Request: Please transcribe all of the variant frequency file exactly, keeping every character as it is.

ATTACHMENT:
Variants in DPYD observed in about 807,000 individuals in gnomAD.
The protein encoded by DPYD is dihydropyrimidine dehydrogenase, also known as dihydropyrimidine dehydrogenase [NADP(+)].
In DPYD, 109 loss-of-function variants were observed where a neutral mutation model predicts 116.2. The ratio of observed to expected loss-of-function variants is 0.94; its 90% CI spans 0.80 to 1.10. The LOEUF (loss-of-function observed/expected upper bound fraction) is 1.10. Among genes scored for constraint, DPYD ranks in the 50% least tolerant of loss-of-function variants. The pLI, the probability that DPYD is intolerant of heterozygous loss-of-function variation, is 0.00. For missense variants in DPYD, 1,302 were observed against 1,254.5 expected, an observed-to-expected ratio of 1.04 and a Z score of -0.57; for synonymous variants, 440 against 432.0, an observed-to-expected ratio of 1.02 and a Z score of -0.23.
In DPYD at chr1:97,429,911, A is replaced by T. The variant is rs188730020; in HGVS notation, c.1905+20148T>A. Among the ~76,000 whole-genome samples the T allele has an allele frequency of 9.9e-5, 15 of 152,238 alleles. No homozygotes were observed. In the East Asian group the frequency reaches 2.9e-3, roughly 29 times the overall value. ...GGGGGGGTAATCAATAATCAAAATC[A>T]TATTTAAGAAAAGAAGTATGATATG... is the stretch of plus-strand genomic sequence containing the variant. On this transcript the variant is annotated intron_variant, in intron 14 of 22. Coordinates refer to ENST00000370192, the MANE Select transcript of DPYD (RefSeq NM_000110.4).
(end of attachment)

Variants in DPYD observed in about 807,000 individuals in gnomAD.
The protein encoded by DPYD is dihydropyrimidine dehydrogenase, also known as dihydropyrimidine dehydrogenase [NADP(+)].
In DPYD, 109 loss-of-function variants were observed where a neutral mutation model predicts 116.2. The ratio of observed to expected loss-of-function variants is 0.94; its 90% CI spans 0.80 to 1.10. The LOEUF (loss-of-function observed/expected upper bound fraction) is 1.10. Among genes scored for constraint, DPYD ranks in the 50% least tolerant of loss-of-function variants. The pLI, the probability that DPYD is intolerant of heterozygous loss-of-function variation, is 0.00. For missense variants in DPYD, 1,302 were observed against 1,254.5 expected, an observed-to-expected ratio of 1.04 and a Z score of -0.57; for synonymous variants, 440 against 432.0, an observed-to-expected ratio of 1.02 and a Z score of -0.23.
In DPYD at chr1:97,429,911, A is replaced by T. The variant is rs188730020; in HGVS notation, c.1905+20148T>A. Among the ~76,000 whole-genome samples the T allele has an allele frequency of 9.9e-5, 15 of 152,238 alleles. No homozygotes were observed. In the East Asian group the frequency reaches 2.9e-3, roughly 29 times the overall value. ...GGGGGGGTAATCAATAATCAAAATC[A>T]TATTTAAGAAAAGAAGTATGATATG... is the stretch of plus-strand genomic sequence containing the variant. On this transcript the variant is annotated intron_variant, in intron 14 of 22. Coordinates refer to ENST00000370192, the MANE Select transcript of DPYD (RefSeq NM_000110.4).